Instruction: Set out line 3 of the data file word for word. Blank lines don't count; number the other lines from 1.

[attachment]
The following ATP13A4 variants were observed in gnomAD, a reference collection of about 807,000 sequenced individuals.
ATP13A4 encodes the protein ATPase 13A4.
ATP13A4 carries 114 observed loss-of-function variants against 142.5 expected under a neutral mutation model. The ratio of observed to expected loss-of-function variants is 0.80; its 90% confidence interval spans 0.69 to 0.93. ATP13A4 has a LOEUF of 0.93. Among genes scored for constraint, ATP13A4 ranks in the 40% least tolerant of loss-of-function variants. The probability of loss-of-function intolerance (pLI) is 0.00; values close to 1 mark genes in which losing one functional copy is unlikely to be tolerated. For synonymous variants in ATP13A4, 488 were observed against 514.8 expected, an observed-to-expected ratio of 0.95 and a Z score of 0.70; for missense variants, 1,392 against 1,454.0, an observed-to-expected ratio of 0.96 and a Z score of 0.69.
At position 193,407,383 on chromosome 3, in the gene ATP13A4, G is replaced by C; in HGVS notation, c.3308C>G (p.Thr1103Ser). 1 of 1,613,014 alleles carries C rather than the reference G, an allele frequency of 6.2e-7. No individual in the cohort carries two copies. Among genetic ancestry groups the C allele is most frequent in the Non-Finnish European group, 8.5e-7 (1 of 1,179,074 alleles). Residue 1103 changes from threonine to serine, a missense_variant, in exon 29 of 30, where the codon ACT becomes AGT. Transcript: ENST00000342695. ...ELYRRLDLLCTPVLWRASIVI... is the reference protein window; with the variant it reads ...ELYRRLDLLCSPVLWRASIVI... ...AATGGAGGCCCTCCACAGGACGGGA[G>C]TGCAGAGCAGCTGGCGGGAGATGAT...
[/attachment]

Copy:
ATP13A4 carries 114 observed loss-of-function variants against 142.5 expected under a neutral mutation model. The ratio of observed to expected loss-of-function variants is 0.80; its 90% confidence interval spans 0.69 to 0.93. ATP13A4 has a LOEUF of 0.93. Among genes scored for constraint, ATP13A4 ranks in the 40% least tolerant of loss-of-function variants. The probability of loss-of-function intolerance (pLI) is 0.00; values close to 1 mark genes in which losing one functional copy is unlikely to be tolerated. For synonymous variants in ATP13A4, 488 were observed against 514.8 expected, an observed-to-expected ratio of 0.95 and a Z score of 0.70; for missense variants, 1,392 against 1,454.0, an observed-to-expected ratio of 0.96 and a Z score of 0.69.